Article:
35. P { Q } R  F * P { Q } F * R • LHS = P ; Q  R (def { }) so F * (P ; Q)  F * R (* mon) (F * P) ; Q  F * R (*assoc;) = RHS (def { })

36. 3. Rely/guarantee calculus extends sequential reasoning to concurrent programs

37. Invariant algebra Def: G G’(tr) = (r. r εtr  G({r}) V G’({r}) ) Thm: G;G’ G G’ and G*G  G G’, etc. Def: G is invariant iffG = G G or equivalently, G(tr) = (r. r εtr  G({r}) ) Thm: G({ }) G(tp tq) = G(tp) & G(tq) G;G = G and G*G = G .... etc.

38. Guarantee conditionsdescribe commitment of thread to environment Def: Q guar G  [Q  G] , for G invariant Thm: skip guar G (tr = {e}) guar G  G({e}) Q guar G & Q’ guar G’  (Q ; Q’) guar (G G’) and(Q * Q’) guar (G G’) ...etc

39. Rely conditionsdescribe the environment of a thread Thm: If R and R’ are invariant, so is R&R’ R & R’  (R ; R’) andR & R’  (R*R’) ,... etc. R*{e}  R ; {e} ; R (R & R’) * (Q ; Q’)  (R * Q) ; (R’ * Q’) (R & R’) * (Q * Q’)  (R * Q) * (R’ * Q’)

40. R*{e}  R ; {e} ; R LHS =  ts . R(ts) & tr = ts + {e}   tr1, tr2 . tr = tr1 ; {e} ; tr2 (linearity)   tr1, tr2 . R(tr1) & R(tr2) & tr = tr1 ; {e} ; tr2  RHS  R * {e} * R (event algebra)  R * R * {e} (* assoc comm)  LHS (R invariant)

41. Jones quintuple Def: P R {Q} G S  P {R*Q} S & Q guar G where G and R are invariants Thm: P R {skip} G P if P {R} P P R {e} G S  P {R ; e ; R} S & G({e}) P R {Q} G S & S R’ {Q’} G’ S’  P R&R’ {Q ; Q’} (G  G’) S’

42. Concurrency [G’  R] & [G  R’] & P R {Q} G S & P’ R’ {Q’} G’ S’  P&P’ R&R’ {Q * Q’} (G  G’) S&S’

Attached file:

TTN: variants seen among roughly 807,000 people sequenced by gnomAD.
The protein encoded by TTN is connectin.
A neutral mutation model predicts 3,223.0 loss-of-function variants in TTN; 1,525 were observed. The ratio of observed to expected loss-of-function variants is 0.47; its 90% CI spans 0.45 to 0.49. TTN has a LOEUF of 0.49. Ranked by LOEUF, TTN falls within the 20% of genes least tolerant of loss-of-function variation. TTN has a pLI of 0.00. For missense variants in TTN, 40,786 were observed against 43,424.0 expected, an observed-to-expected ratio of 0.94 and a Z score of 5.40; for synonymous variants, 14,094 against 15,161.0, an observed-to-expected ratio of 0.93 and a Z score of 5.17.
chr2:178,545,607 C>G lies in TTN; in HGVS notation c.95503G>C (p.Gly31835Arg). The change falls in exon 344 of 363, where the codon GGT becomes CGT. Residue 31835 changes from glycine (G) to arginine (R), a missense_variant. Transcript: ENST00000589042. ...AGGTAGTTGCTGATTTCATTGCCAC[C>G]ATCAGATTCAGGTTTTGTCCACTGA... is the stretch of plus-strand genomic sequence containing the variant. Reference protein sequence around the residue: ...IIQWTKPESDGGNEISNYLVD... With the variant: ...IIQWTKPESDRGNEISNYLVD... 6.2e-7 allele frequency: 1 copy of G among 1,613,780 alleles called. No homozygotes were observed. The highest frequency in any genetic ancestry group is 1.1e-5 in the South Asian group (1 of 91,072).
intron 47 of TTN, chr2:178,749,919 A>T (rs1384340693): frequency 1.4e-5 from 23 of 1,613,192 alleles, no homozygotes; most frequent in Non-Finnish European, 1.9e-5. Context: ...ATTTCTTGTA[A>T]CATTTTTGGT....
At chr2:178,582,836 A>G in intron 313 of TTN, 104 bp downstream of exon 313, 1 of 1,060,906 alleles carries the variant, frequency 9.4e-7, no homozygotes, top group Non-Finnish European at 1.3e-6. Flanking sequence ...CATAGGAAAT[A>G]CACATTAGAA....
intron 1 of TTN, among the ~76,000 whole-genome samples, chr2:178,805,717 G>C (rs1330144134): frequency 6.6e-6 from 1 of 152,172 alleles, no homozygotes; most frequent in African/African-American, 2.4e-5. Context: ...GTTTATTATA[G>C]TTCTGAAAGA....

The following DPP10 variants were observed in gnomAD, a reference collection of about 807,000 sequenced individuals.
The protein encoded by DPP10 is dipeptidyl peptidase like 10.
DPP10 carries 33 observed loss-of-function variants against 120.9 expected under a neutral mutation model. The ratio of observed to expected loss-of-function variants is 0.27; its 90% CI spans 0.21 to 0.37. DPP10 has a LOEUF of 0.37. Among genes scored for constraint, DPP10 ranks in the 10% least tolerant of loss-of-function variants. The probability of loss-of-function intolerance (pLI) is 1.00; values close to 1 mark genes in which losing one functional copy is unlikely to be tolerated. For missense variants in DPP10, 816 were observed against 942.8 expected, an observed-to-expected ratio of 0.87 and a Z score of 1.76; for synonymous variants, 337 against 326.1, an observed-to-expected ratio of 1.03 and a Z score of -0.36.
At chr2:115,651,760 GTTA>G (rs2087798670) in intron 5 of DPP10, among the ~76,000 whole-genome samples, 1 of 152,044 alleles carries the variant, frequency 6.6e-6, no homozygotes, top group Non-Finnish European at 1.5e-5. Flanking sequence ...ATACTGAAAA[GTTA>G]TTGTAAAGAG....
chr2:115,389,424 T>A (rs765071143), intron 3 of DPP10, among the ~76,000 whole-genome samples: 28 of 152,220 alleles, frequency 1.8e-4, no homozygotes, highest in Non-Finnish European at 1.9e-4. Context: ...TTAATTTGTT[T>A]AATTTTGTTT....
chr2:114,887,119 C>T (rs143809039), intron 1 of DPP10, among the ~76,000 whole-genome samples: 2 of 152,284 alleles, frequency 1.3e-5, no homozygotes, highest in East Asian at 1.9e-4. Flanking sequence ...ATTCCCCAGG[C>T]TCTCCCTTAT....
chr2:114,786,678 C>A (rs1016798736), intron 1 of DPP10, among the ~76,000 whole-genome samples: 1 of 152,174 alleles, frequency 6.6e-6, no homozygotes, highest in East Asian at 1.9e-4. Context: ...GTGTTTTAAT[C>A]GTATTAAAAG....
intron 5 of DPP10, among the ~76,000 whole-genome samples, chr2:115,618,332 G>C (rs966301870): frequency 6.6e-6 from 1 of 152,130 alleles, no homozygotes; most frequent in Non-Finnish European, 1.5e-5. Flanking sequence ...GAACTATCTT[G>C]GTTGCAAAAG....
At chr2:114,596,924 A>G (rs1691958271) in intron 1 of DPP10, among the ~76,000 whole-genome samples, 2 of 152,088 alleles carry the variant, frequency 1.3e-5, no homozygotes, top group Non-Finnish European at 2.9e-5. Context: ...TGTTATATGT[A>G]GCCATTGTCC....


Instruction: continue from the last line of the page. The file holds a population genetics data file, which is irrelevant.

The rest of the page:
43. Example LetR = R’ = G = G’ = P = P’ = (a . a ε tr n > 0. prog(a) = {x := x + n } ) S = (R &  a . a ε tr & prog(a) = {x := x + 1}) S’ = (R &  a . a ε tr & prog(a) = {x := x + 2}) Then P R {x := x + 1 | x := x + 2} G S&S’ a very weak result, because we cannot rely on memory.

44. 4. Arrows cross interfaces carry values between events as described by assertions

45. arrows d!(x–z) c?z x := x + y d?y

46. Source and target a0 a’ Def: a0 is the source event of arrow a Def: a’ is the target event of arrow a • Def: e  f =  a . e = a0 & f = a’ • defines what was earlier an undefined primitive • so all previous theorems remain true

47. Boundary • drawn around an arbitrary set of events

48. External boundary Def: in(tr) = {a|a’ εtr & a0  tr} Def: out(tr) = {a|a0εtr & a’  tr} Thm: in(tr)  out(tr) = { }

49. Internal boundary tq tp Thm: out(tp*tq) = out(tp)\in(tq)  out(tq)\in(tp) in(tp*tq) = in(tp)\out(tq)  in(tq)\out(tp) … the same for the other three separators